Our convenings are interactive events that allow participants to participate in important health policy discussions. We’ll feature important policy proposals and how our communities can mobilize in support of them. We value the opportunity to travel throughout the state and hear different perspectives on all the critical health issues impacting California’s communities of color. It’d be great if you can join us and share your thoughts!
Language access in our health care system has long been a point of emphasis for our work at CPEHN. For example, in 2003, CPEHN sponsored SB 853 (Escutia), the Health Care Language Assistance Act. The first of its kind in the country, this law now holds health plans accountable for the provision of linguistically-appropriate services.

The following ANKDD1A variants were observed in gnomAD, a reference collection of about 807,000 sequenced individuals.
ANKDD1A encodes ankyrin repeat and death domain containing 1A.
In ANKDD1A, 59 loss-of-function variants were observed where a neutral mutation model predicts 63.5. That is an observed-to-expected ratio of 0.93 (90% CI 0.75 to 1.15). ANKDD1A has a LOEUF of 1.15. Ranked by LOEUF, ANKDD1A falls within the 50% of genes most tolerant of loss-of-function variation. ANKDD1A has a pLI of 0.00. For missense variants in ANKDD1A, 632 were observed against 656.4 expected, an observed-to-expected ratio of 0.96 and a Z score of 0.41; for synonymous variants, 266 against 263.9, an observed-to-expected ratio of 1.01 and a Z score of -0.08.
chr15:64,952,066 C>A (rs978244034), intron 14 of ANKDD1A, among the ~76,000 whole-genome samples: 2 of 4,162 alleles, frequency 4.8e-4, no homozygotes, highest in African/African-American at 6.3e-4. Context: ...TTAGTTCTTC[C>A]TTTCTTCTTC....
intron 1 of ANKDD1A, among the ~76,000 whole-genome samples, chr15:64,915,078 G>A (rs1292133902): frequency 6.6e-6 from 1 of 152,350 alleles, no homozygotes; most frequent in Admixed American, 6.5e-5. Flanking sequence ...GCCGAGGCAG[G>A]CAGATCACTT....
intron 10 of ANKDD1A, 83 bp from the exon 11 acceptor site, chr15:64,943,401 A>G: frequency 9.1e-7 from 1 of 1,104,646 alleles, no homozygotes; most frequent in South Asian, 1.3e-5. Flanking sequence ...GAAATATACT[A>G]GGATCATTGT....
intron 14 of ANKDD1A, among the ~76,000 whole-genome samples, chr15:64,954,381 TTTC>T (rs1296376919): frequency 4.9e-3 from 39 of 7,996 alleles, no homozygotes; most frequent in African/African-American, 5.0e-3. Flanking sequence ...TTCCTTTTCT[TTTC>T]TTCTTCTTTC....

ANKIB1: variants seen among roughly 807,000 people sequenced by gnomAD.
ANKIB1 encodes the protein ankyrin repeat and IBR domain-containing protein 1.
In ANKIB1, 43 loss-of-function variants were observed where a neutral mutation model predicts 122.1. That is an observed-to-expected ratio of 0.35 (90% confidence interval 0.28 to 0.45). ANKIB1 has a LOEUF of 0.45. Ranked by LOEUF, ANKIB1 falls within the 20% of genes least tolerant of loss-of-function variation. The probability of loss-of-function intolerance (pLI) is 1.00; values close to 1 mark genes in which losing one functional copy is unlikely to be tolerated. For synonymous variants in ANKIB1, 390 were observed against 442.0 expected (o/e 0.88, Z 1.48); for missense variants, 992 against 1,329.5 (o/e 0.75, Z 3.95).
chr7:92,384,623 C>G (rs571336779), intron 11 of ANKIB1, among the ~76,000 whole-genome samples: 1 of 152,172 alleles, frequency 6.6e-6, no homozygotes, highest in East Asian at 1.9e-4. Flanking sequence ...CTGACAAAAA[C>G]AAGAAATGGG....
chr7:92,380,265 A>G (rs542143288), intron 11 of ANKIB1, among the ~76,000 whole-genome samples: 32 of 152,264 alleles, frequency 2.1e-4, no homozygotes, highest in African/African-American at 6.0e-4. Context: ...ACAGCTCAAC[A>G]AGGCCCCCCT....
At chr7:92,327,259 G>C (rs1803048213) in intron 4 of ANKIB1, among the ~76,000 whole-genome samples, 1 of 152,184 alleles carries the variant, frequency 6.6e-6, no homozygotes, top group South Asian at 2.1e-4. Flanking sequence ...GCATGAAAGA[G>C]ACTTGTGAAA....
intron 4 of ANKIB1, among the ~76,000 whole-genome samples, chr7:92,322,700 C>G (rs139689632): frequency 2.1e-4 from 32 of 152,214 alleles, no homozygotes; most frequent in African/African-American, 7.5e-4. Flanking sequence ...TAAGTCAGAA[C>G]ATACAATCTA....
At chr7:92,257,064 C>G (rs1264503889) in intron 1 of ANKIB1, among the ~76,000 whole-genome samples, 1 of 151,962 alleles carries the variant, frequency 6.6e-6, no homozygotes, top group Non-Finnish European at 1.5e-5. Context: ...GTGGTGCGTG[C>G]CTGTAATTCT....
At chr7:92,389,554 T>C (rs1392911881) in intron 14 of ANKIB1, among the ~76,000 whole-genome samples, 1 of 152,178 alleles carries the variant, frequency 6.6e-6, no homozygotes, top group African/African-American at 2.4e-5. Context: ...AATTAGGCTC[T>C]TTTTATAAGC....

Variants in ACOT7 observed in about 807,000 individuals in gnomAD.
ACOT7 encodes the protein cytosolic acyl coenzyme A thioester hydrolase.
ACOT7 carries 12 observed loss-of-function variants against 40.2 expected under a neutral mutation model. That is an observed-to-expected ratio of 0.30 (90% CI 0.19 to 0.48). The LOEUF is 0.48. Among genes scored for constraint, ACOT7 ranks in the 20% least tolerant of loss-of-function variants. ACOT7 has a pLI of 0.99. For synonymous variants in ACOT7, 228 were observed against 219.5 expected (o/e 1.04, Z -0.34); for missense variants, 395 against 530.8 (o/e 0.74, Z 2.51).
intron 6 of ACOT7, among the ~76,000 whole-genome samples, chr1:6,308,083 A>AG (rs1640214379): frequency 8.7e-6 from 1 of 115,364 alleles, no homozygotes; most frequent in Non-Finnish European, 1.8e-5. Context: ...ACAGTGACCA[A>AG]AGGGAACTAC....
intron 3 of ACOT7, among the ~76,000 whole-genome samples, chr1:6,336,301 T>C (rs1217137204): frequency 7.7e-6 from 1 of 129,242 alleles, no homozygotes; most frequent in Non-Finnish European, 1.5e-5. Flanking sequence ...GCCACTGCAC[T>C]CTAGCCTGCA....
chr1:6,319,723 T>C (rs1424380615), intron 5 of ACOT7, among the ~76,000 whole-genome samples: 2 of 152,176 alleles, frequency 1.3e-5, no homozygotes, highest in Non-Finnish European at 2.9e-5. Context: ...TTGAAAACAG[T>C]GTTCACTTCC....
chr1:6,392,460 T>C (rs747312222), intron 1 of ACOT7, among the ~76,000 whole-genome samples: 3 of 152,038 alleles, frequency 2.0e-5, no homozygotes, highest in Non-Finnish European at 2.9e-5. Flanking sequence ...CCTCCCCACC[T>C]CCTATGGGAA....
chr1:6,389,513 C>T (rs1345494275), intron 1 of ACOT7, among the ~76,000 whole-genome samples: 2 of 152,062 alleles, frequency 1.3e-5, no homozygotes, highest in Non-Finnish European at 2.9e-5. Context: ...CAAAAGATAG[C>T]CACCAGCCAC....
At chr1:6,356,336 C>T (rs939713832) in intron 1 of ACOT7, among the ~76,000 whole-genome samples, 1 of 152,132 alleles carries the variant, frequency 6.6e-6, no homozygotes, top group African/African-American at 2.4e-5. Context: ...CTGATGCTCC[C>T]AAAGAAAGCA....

The reason that laws like SB 853 and other language access measures are necessary is because of California’s uniquely diverse population. As you can see in our Friday Facts table, over 40 different languages are spoken in San Diego County alone.
San Diego County has a large (92,836) Tagalog-speaking population, and roughly 2 out of every 5 of these individuals are Limited English Proficient (LEP), meaning they speak English less than very well. Almost two-thirds of the county’s large Vietnamese-speaking population is LEP, as is half of all those who speak Chinese. The county is also home to over 320,000 Spanish-speakers who are LEP.